John Maclean Internet Archive
Transcribed by the John Maclean Internet Archive

Time-saving and Karl Marx

by John Maclean

First published: Justice, 14 December 1907
Transcription\HTML Markup: Revolutionary Communist Group, 1998 and David Walters in 2003
Copyleft: John Maclean Internet Archive (, 2003. Permission is granted to copy and/or distribute this document under the terms of the GNU Free Documentation License.

By instinct the other evening I strolled up Sauchiehall Street towards the Fine Art Galleries, where at present are being exhibited all the latest devices and mechanisms that go to make up the modern office. Drawn thither by the spirit of enquiry that characterises the mind regenerated by socialist convictions, I enjoyed a mental feast, varied and palatable. I watched in operation machines for adding; machines for calculating the prices, wages, weights, etc.; machines for duplicating letters and drawings; in fact, machines for all kinds of work within the sacred precincts of business premises. I observed the latest methods of constructing and printing business books, the best systems of filing letters, the latest types of business furniture—all designed to create order and facilitate operations and calculations…What underlies all these facts? What principle determines the whole exhibition? What is the philosophy of the whole affair?

Obviously, timesaving. The avowed advantage appealed to invariably by all exhibitors is—the saving of time. Clocks of various types and adapted to every purpose are there to lure the wary purchaser who knows that the struggle for existence in business is waged round the timetemple, and who knows that he who has the shortest cuts in the end will survive. “The race is to the swift", “time is money, save time—save money."

This great truth inflames the imagination of the utopian socialist, who sees in all these things the means whereby the burden of humanity may be lightened in the new society.

To the marxist, the entire exhibition but reveals another aspect of the million activities of life, which all confirm the accuracy of his theory of value. But yesterday I heard of a clergyman giving a lecture on socialism, in which he reiterated the old bogey, that Marx had long since been discarded. Probably the wish was father to the thought; or, perhaps, parrot-like, it was simply repeating what socialists, who have not read or, having read, do not comprehend Marx, take a stupid delight in asserting. Many who are better caricaturists than thinkers or observers, delight in seizing hold of the technical language created by Marx the more easily to state his case and abridge later discussions of an intricate character, and by the skilful jugglery of the word-conjurer show the absurdities of marxian jargon. Others, less able, seize upon the awkward use of marxism made by zealous novices, and make that the base of an attack on Marx.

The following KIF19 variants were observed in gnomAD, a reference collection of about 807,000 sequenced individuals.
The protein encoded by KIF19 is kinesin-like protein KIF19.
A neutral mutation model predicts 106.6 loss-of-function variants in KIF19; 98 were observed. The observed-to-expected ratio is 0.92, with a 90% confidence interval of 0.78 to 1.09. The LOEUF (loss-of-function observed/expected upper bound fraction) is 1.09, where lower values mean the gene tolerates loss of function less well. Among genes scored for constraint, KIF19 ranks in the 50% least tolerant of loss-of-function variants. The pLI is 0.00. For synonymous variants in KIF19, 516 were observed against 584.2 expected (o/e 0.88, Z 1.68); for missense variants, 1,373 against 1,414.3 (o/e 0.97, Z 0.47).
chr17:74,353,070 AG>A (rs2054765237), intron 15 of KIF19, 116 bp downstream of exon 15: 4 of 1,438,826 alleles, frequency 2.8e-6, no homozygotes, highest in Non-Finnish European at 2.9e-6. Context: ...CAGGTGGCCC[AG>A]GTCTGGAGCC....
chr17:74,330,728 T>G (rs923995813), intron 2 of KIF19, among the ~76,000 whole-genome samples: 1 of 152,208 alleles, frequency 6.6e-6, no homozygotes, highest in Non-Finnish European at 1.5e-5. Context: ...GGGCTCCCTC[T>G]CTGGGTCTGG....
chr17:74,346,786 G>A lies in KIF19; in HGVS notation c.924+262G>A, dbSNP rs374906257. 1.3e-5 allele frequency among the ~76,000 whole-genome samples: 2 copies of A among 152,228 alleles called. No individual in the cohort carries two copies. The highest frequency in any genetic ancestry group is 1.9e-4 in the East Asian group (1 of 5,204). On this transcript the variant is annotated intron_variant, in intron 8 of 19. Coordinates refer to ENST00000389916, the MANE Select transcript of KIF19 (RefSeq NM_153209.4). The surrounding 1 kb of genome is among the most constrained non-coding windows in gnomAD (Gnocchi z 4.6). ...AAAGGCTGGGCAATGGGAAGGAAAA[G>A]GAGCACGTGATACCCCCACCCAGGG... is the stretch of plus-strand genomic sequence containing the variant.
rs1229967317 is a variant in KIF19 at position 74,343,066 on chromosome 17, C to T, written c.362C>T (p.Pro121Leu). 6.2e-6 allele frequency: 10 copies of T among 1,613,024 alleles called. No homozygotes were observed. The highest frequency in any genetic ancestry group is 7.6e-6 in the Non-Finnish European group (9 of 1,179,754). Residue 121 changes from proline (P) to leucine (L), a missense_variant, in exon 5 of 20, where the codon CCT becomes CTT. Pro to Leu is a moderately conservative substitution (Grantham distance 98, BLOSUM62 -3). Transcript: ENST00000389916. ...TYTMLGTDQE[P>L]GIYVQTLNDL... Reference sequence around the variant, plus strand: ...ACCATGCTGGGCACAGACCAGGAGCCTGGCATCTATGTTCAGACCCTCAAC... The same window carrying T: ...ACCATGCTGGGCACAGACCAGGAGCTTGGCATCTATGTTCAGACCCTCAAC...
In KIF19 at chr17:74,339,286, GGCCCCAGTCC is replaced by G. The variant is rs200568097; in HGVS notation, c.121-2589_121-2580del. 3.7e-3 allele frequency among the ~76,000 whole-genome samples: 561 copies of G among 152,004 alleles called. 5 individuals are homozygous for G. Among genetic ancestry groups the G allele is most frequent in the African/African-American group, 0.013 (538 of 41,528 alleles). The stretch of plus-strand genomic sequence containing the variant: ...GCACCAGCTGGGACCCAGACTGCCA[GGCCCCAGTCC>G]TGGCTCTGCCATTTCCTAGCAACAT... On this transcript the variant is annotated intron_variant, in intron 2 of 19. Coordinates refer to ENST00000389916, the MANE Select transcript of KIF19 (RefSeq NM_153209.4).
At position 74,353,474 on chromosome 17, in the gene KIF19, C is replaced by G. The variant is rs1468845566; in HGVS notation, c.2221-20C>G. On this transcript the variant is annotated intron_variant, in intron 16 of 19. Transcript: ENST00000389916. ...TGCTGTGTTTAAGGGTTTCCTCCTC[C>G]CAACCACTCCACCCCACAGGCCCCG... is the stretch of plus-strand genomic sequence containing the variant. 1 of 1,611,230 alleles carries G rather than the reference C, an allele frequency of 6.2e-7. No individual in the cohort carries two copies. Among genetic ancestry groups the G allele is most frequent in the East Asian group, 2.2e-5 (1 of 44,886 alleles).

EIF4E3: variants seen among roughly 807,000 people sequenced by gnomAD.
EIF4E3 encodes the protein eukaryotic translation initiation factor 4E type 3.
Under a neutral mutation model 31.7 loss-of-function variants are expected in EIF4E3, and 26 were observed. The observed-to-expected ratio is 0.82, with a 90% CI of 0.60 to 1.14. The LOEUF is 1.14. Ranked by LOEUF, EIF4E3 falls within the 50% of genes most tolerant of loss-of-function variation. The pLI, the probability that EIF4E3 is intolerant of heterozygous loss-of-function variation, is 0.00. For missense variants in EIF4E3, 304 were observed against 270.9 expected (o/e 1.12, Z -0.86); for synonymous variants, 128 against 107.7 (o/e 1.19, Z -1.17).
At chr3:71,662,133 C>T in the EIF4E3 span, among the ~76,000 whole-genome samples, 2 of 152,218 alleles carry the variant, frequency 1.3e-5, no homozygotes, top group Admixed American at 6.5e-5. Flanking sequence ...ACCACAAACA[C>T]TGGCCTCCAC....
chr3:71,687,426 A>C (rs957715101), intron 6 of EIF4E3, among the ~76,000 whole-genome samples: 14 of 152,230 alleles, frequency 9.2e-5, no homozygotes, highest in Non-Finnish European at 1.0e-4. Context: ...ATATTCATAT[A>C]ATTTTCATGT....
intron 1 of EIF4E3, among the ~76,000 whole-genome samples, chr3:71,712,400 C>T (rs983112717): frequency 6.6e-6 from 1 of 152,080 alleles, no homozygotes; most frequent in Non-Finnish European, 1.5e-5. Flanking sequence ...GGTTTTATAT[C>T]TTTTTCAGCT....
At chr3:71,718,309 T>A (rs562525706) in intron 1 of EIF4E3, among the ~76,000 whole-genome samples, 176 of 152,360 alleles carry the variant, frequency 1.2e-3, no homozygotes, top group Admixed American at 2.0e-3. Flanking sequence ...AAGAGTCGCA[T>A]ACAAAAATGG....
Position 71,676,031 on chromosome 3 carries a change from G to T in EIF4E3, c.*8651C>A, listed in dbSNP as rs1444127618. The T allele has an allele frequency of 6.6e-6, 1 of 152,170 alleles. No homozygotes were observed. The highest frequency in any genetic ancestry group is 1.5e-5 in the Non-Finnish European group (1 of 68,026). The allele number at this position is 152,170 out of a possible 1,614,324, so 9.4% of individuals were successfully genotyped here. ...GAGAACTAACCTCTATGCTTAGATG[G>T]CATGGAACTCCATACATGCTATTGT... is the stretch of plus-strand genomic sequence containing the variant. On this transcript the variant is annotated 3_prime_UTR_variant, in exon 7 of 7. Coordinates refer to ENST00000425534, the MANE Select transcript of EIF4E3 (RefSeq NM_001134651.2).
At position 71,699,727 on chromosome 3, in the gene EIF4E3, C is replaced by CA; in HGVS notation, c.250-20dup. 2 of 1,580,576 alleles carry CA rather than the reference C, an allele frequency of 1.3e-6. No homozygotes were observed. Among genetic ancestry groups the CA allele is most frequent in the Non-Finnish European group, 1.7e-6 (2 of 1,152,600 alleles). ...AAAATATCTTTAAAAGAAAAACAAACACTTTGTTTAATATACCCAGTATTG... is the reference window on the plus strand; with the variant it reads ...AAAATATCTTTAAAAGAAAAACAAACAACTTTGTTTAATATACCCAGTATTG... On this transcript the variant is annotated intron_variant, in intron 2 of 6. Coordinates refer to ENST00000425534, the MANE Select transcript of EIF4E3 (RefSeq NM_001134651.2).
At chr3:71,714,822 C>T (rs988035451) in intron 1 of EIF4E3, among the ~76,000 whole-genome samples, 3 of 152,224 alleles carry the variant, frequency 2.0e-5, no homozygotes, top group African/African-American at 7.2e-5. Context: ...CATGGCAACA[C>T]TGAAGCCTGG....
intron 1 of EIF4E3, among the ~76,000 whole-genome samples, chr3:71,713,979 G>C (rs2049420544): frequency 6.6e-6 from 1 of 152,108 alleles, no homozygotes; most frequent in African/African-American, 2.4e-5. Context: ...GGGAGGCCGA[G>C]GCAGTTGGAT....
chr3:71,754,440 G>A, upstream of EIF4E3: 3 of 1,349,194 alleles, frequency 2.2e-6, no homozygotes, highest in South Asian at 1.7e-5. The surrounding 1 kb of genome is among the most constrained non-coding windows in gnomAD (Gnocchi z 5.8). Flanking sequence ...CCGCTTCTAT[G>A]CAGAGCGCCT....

But all alike fail to present a serious refutation of Marx (even those who may have scanned the writings of Böhm-Bawerk), and to support any alternative theory other than those propounded by the orthodox economists, the capitalist hacks, whose whole business is to justify the existence, not explain the origin of profit.

These would have ignorant socialists believe that we marxists are narrow bigots, blinded by the prejudice resulting from an overassiduous application of our minds to Capital and the other works of Marx.

This is absolutely false. Whilst the laws of capitalist production discovered by Marx form the foundations of our beliefs and actions, yet they have only become deep convictions as a consequence of using our own eyes and brains. Every new invention that saves time to the capitalist, and therefore is adopted by him, is simply further proof of marxian principles. Thus the significance of the business exhibition. It proves beyond dispute, by facts, that marxism is as true today as when discovered by Marx.

No other theory, and we marxians know these theories as well as our own, can find support from the display at the Fine Art Galleries.

It therefore becomes a duty for every socialist to comprehend marxian principles, because only by scientific knowledge can we know our social surroundings, can we explain social evolution and, therefore, efficiently and speedily accomplish the social transformation (i.e. the social revolution) necessary to the establishment of socialism. See how successfully the Americans have applied science to industry, theory to practice; see how rapidly Britain is constructing technical colleges to follow suit; and see how the whole of Asia, with one fell swoop, is being lifted from barbarism and early civilisation to the highest form of capitalism by the wholesale absorption of Western science and arts.

If the capitalists can show us the importance of theory, and the certainty and celerity with which it can advance the political and economic structure, surely we socialists whose boast it is that we are ahead of the conservative capitalists, cannot afford to grope along in the dark in the good old (?) “rule of thumb” way, as did our fathers.

Capitalism is forging ahead at a terrific rate, and at an increasing rate; society is evolving at an unprecedented pace. Surely, then, we socialists cannot afford to grope; we must lead not follow capitalism. To that end we must have special scientific knowledge in our own lines of business; we must have halfanhour’s experiments every day in school for our children, instead of trying to follow Paul on his propaganda tours, or trying to parrot answers and inappropriate proofs to silly questions; and we must study Marx to know how best to lift society on to the higher plane of social evolution we are pleased to call socialism.